“See, this day I set before you blessing and curse” (Devarim 11: 26).
About 20 years ago I left New York City and arrived in Jerusalem for the year to further my Jewish studies and to explore more of Israel. I was not alone; my college sweetheart was with me, and not long after we arrived, we got engaged. With joy and anticipation I imagined all the details of our future life together back in the US after our year in Israel together.
But it was not to be. A week later we were unengaged, and a few weeks later she was on a plane back to the US. I was more than heartbroken; I had lost the picture of where my life was going and who I was. I felt like a vessel which had been smashed into 1,000 pieces. So my only recourse was to put myself back together one piece at a time, to re-envision myself and to find a new life path.
Looking back 20 years later, I cannot imagine my life otherwise. I decided to stay in yeshiva and in Israel beyond the first year and continue my Jewish learning to deepen my connection with the Jewish Homeland. Three years later I met my amazing wife, who made aliyah two days after our wedding, and we’ve built our home on shared values and idealistic dreams. Our five children, all born in Jerusalem, are strong and stubborn and inspiring.
I would never trade one detail of the life that I live today for the life that I pictured 20 years ago. But in that dark moment so long ago when my engagement fell apart, the blessing that would come to fruition from the curse of the breakup was hidden from my eyes.
This week’s parsha opens with a short, simple statement that holds tremendous depth: “See, this day I set before you blessing and curse” (Devarim 11: 26).
This statement serves as an outline to the ceremony of blessings and curses which is to take place at Mt. Gerizim and Mt. Eval. Though we will receive more detailed instructions about this ceremony in Parshat Ki Tavo in another three weeks, it is mentioned here in brief as a preface to a long list of mitzvot which are related to living in the Promised Land. The implications are laid out clearly: if you follow the laws, you will receive innumerable blessings. But if you violate the laws, there will be serious consequences.
In other words, Moshe is teaching them about personal and national responsibility. Though this is not a new concept, Moshe insists on clarifying it for them as they stand ready to enter the land, entreating them that their destiny is not in the hands of God, but in their own hands. They alone are responsible for their future.
Rambam was so moved by this message that he dedicated nearly an entire chapter from the Laws of Repentance in his Mishneh Torah to clarifying the idea embedded here. In Chapter 5 he explains in great detail the centrality of free will as a pillar of the Torah, and does not hold back criticism from those who claim that fate or destiny is to blame for the outcome of their lives.
“There is none to either force things upon him or to decree things against him; either to pull him one way or draw him another way, but he alone, of his own free will, with the consent of his mind, bends to any path he may desire to follow” (Rambam, Mishneh Torah, Laws of Repentance, 5:2).
We must not be afraid to look at ourselves in the mirror, clearly call out our mistakes, and take responsibility for them. The entirety of the Torah stands on this concept.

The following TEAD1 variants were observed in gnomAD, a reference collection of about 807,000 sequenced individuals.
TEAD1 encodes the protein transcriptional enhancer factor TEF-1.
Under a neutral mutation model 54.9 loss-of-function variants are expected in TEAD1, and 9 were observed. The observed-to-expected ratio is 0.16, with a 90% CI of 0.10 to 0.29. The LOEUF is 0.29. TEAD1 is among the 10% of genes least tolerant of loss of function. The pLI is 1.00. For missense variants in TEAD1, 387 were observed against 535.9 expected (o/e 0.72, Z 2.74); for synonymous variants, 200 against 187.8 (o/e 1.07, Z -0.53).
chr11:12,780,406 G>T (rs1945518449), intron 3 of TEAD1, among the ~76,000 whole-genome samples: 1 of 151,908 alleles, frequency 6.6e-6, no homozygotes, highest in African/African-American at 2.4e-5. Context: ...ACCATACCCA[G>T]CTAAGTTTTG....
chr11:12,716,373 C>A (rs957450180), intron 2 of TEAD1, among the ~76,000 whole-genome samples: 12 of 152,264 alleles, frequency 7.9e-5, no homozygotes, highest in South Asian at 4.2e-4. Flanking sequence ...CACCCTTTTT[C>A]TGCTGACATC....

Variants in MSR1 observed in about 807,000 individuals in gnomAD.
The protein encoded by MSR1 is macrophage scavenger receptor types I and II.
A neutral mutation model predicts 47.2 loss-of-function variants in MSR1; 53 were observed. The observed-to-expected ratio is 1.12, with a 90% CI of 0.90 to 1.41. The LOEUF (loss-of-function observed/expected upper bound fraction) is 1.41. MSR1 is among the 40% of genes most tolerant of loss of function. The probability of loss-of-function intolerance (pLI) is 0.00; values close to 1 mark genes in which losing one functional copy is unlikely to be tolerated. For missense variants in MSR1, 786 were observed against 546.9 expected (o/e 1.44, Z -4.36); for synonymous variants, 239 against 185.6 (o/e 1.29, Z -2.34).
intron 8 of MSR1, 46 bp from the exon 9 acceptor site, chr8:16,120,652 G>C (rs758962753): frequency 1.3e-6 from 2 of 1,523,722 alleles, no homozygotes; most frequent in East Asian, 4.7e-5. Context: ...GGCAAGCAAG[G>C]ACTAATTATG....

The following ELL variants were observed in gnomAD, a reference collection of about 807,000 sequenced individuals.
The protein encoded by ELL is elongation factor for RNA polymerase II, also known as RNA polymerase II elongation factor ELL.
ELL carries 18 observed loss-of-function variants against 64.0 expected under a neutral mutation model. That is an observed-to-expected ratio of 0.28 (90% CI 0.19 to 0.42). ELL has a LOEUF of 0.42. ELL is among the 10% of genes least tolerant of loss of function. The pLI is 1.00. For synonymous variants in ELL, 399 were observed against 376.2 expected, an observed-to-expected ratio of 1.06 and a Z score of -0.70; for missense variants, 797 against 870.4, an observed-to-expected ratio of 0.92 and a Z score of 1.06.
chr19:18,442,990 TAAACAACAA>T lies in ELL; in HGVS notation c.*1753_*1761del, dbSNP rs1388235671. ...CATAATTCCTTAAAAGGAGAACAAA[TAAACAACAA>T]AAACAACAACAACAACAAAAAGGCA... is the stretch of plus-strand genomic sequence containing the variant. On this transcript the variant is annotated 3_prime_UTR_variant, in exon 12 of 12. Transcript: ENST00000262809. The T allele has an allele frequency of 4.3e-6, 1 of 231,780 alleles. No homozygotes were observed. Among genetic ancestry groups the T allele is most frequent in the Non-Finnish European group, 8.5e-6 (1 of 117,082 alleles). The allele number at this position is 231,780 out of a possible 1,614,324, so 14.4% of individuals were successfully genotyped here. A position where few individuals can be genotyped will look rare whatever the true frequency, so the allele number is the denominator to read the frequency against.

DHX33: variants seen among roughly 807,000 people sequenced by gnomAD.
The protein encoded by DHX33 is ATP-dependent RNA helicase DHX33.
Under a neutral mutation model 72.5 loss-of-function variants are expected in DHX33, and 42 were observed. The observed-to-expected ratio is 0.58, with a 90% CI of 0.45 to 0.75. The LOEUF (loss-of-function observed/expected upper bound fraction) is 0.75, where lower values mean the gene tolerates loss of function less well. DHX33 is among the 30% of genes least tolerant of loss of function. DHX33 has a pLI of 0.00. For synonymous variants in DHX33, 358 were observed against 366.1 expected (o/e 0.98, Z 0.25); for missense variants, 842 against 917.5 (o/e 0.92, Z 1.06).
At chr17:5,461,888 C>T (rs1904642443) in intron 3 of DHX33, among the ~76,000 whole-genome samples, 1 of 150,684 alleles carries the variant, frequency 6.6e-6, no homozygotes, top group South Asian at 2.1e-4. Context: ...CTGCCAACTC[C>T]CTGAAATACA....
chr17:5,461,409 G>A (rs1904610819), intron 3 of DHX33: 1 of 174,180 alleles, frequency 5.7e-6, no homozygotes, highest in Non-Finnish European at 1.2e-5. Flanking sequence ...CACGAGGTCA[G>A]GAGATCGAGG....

But where does this leave God in the equation? If I am completely responsible for my actions, then where was God when I went astray? Do we not also believe in the Divine Will, that nothing happens without God’s consent?
To put it another way, if my success or failure is based on my own behavior, then God seems to take a backseat. True, I may be living my entire life according to the Torah. But the outcome is all on me, and God seems to be watching from afar, if at all. Ultimate responsibility can lead to a feeling of ultimate detachment from the Divine.
So how can we experience a sense of Divine closeness without losing out on the moral imperative of responsibility? The great Chassidic rebbe Rabbi Moredechai Yosef Leiner, known as the Ishbitzer Rebbe, offers an answer from the very passage we have mentioned. The blessing and the curse, he teaches, both emanate from the same source. This might be obvious, but it is no less elusive to hold than the concept of personal responsibility. The good that we experience emanates not from our own hands, but from the Divine. Gratitude to the Source of this good is an essential spiritual tenant.
And what about the experience of loss and affliction? This too emanates from the Divine. But for the Ishbitzer, these experiences are not Divine punishment; they are what he calls unrefined good. The unrefined good is experienced as evil, but our spiritual work is to take this “bad” and make good from it. Like a farmer who removes the chaff from the wheat, we all must take the challenges that life offers us and find the seed within that can bring forth fruit.
Bringing these two ideas together offers a powerful spiritual path from our passage. We must take absolute responsibility for our actions, and strive to embody the mitzvot to the best of our ability. But the call to responsibility should not lessen God’s presence in our life. Hashem is present in our lives equally in the blessings and in the unrefined blessings, and we can acknowledge their source, and feel God’s intimate involvement in our lives through them. Though this may take a long time, or even a lifetime, we can feel God walking with us as we work to turn the unrefined good into true good.
What do you think? What are some practical ways to see the challenges in our lives as unrefined good as opposed to Divine punishment?
Brought to you by the RRG Beit Midrash Program, the spiritual home for Hebrew University students on campus.